The head of Democratic Republic of Congo’s electoral commission said on Saturday that he expects the presidential election, originally scheduled for this November, to be delayed until December 2018, lawmakers present at his speech said.
The announcement is likely to stoke political tensions after at least 50 people died last week in the capital Kinshasa in clashes between protesters and security forces over accusations that President Joseph Kabila is deliberately delaying the poll to cling to power.
Kabila denies he is behind the delays, which he says are due to logistical and budgetary constraints in the impoverished, infrastructure-starved country.
Commission president Corneille Nangaa told delegates at multi-party talks, intended to reach a national consensus on the election date, that the commission would finish updating the voter registry at the end of July 2017.
It would then require an additional 504 days to organise the vote, he said, according to representatives of the delegations who spoke to reporters after the closed-door meeting.
Vital Kamerhe, leader of the opposition delegation, said he remained optimistic a compromise could be found through further negotiations even as he disputed the commission’s estimate.
“In 2006, we needed just 180 days to organise the elections. Why in 2016, all of a sudden, is it 504 days?,” he said.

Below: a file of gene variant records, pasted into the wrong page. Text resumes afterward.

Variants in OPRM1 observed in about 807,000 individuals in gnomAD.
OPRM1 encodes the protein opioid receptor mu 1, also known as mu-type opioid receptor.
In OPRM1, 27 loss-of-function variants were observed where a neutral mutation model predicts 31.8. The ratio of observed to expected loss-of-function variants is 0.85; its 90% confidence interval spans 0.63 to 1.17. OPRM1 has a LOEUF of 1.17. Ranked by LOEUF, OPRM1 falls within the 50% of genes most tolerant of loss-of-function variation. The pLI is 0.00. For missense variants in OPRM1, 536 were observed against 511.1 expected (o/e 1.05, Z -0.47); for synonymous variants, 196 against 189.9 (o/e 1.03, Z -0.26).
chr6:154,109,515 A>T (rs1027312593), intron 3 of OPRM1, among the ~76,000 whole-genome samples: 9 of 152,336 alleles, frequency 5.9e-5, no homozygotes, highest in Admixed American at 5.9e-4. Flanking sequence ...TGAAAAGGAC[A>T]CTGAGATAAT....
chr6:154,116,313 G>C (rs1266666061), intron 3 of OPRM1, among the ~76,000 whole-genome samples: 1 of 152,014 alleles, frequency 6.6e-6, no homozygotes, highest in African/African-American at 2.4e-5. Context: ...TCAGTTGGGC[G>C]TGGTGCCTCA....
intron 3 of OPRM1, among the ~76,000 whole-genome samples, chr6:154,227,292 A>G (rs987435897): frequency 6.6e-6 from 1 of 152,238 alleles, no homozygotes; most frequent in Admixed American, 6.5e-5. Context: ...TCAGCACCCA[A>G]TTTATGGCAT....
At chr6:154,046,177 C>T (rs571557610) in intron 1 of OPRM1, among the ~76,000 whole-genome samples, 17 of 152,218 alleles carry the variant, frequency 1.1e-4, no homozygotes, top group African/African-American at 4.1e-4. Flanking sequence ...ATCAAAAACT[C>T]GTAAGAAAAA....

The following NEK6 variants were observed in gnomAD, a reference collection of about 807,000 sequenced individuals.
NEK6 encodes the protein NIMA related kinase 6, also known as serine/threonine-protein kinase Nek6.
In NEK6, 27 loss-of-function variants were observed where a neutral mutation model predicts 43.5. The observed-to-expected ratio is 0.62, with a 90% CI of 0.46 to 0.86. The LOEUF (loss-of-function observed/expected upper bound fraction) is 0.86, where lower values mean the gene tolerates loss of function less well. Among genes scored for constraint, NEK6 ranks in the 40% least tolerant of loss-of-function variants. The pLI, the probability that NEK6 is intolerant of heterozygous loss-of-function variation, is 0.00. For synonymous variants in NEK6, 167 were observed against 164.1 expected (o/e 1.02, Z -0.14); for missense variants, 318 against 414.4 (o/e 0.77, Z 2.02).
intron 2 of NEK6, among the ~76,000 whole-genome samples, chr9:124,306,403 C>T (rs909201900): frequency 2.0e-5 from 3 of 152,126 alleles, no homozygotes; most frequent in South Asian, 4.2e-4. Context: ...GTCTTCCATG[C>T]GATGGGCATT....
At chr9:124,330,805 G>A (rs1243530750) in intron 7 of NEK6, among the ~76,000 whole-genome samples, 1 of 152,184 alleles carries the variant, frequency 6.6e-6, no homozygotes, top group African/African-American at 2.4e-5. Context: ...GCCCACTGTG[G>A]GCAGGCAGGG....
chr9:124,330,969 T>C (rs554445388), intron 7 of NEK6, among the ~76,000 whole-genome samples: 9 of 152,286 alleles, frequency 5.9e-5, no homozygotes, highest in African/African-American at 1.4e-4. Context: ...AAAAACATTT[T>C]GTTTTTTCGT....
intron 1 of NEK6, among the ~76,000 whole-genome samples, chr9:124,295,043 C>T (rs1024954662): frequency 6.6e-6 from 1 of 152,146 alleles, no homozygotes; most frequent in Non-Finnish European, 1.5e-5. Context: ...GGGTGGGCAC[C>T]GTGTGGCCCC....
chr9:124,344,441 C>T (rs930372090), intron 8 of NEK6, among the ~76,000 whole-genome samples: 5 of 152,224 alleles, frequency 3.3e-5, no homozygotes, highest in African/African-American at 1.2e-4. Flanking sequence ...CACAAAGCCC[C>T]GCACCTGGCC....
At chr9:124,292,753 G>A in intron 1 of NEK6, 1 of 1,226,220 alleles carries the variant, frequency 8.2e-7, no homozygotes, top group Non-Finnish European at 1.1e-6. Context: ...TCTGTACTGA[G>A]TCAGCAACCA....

An audit by the International Organisation of the Francophonie last year said the presidential election could be organised about 105 days after the revision of voter rolls was completed.
Even if a compromise is reached, the talks may count for little as most major opposition parties are boycotting them. They say the talks are intended to provide a pretext for Kabila to stay in office.
Martin Fayulu, a leader of the main opposition bloc that called for last week’s protests, said he did not accept that timeline but declined to comment further.
Fayulu and his allies insist that Kabila, who took office in 2001 after the assassination of his father Laurent Kabila, must step down in December as required by constitutional term limits.
Congo’s highest court, however, ruled in May that he can stay on until a new president is elected.
Congo, the world’s top copper producer, has been further destabilised by the fall in global commodity prices, which forced the government in June to cut its 2016 budget